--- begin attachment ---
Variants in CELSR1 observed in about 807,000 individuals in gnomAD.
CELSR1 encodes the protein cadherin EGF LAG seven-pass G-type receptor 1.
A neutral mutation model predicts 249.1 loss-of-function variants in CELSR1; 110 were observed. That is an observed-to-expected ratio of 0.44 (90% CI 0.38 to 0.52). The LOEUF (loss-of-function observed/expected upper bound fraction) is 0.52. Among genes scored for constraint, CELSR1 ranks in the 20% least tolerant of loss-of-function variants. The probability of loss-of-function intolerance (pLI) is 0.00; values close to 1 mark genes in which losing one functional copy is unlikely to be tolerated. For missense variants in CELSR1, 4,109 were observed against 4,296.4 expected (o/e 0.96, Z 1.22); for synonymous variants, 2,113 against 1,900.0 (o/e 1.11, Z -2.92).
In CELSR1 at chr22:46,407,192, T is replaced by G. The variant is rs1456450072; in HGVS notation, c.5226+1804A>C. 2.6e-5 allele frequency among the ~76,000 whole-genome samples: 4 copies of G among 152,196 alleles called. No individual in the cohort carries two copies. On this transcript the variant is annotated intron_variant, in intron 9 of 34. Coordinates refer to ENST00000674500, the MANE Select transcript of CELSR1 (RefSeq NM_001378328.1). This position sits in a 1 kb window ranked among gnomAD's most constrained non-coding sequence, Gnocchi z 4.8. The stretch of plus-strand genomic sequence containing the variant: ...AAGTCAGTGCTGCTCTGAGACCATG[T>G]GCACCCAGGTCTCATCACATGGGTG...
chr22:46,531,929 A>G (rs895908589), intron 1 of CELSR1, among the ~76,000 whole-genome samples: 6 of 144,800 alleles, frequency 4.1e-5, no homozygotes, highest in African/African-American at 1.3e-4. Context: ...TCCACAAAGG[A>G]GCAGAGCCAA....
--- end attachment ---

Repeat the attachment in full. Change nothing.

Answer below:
Variants in CELSR1 observed in about 807,000 individuals in gnomAD.
CELSR1 encodes the protein cadherin EGF LAG seven-pass G-type receptor 1.
A neutral mutation model predicts 249.1 loss-of-function variants in CELSR1; 110 were observed. That is an observed-to-expected ratio of 0.44 (90% CI 0.38 to 0.52). The LOEUF (loss-of-function observed/expected upper bound fraction) is 0.52. Among genes scored for constraint, CELSR1 ranks in the 20% least tolerant of loss-of-function variants. The probability of loss-of-function intolerance (pLI) is 0.00; values close to 1 mark genes in which losing one functional copy is unlikely to be tolerated. For missense variants in CELSR1, 4,109 were observed against 4,296.4 expected (o/e 0.96, Z 1.22); for synonymous variants, 2,113 against 1,900.0 (o/e 1.11, Z -2.92).
In CELSR1 at chr22:46,407,192, T is replaced by G. The variant is rs1456450072; in HGVS notation, c.5226+1804A>C. 2.6e-5 allele frequency among the ~76,000 whole-genome samples: 4 copies of G among 152,196 alleles called. No individual in the cohort carries two copies. On this transcript the variant is annotated intron_variant, in intron 9 of 34. Coordinates refer to ENST00000674500, the MANE Select transcript of CELSR1 (RefSeq NM_001378328.1). This position sits in a 1 kb window ranked among gnomAD's most constrained non-coding sequence, Gnocchi z 4.8. The stretch of plus-strand genomic sequence containing the variant: ...AAGTCAGTGCTGCTCTGAGACCATG[T>G]GCACCCAGGTCTCATCACATGGGTG...
chr22:46,531,929 A>G (rs895908589), intron 1 of CELSR1, among the ~76,000 whole-genome samples: 6 of 144,800 alleles, frequency 4.1e-5, no homozygotes, highest in African/African-American at 1.3e-4. Context: ...TCCACAAAGG[A>G]GCAGAGCCAA....